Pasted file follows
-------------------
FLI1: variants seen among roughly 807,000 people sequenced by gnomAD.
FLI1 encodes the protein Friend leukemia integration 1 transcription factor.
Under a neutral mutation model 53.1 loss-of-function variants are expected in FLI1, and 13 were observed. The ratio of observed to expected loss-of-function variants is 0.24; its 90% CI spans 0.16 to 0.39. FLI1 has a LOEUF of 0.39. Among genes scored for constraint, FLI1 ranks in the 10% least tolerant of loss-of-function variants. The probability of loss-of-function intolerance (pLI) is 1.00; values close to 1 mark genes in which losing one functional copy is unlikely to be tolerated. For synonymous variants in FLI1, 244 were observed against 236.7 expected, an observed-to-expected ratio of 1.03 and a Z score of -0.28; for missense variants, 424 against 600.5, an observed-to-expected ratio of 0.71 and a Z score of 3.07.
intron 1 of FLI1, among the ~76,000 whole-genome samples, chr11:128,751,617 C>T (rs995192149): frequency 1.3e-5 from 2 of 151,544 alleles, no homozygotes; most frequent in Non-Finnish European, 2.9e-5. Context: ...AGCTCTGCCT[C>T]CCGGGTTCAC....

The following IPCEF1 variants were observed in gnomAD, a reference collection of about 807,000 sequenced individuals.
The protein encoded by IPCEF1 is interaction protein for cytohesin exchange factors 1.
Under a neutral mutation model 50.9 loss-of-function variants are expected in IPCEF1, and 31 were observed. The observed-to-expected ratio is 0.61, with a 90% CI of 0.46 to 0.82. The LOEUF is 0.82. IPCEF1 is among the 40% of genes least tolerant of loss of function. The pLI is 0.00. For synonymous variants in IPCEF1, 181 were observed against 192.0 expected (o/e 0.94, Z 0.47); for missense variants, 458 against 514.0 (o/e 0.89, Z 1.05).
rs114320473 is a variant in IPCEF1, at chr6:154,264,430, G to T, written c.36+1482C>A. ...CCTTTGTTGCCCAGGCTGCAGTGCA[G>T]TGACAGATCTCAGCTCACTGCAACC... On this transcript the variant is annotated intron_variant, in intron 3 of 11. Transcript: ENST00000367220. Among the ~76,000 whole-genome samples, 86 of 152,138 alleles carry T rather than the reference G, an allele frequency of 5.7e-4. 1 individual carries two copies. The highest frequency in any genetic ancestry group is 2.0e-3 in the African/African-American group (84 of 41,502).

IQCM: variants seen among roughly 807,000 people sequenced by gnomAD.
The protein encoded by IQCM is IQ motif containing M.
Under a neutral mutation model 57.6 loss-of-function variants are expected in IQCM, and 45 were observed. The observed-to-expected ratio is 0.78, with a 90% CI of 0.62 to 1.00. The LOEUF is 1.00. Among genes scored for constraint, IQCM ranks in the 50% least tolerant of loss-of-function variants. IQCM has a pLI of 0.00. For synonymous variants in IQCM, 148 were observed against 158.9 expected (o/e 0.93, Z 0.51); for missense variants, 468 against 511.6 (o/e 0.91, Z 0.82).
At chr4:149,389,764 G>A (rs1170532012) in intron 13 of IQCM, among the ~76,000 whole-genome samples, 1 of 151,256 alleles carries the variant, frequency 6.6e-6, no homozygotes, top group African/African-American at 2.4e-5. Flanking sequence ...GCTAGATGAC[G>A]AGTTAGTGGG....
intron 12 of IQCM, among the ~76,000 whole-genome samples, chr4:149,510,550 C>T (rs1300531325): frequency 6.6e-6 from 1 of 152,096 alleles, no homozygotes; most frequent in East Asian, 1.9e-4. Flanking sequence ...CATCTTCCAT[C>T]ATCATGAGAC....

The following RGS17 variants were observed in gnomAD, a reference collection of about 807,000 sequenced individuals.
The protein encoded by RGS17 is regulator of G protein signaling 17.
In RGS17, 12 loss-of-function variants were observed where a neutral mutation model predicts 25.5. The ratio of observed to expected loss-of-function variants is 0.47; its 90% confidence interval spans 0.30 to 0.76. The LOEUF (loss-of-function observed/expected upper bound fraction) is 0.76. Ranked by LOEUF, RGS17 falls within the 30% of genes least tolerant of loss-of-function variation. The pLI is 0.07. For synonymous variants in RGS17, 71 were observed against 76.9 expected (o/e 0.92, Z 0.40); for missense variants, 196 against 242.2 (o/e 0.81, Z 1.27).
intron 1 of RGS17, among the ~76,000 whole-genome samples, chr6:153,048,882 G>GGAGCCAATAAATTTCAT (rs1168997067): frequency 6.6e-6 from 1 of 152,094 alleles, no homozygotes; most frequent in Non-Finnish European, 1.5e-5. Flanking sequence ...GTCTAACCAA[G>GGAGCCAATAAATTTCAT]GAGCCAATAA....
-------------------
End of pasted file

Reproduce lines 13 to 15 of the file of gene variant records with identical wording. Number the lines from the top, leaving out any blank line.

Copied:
intron 12 of IQCM, among the ~76,000 whole-genome samples, chr4:149,510,550 C>T (rs1300531325): frequency 6.6e-6 from 1 of 152,096 alleles, no homozygotes; most frequent in East Asian, 1.9e-4. Flanking sequence ...CATCTTCCAT[C>T]ATCATGAGAC....

The following RGS17 variants were observed in gnomAD, a reference collection of about 807,000 sequenced individuals.
The protein encoded by RGS17 is regulator of G protein signaling 17.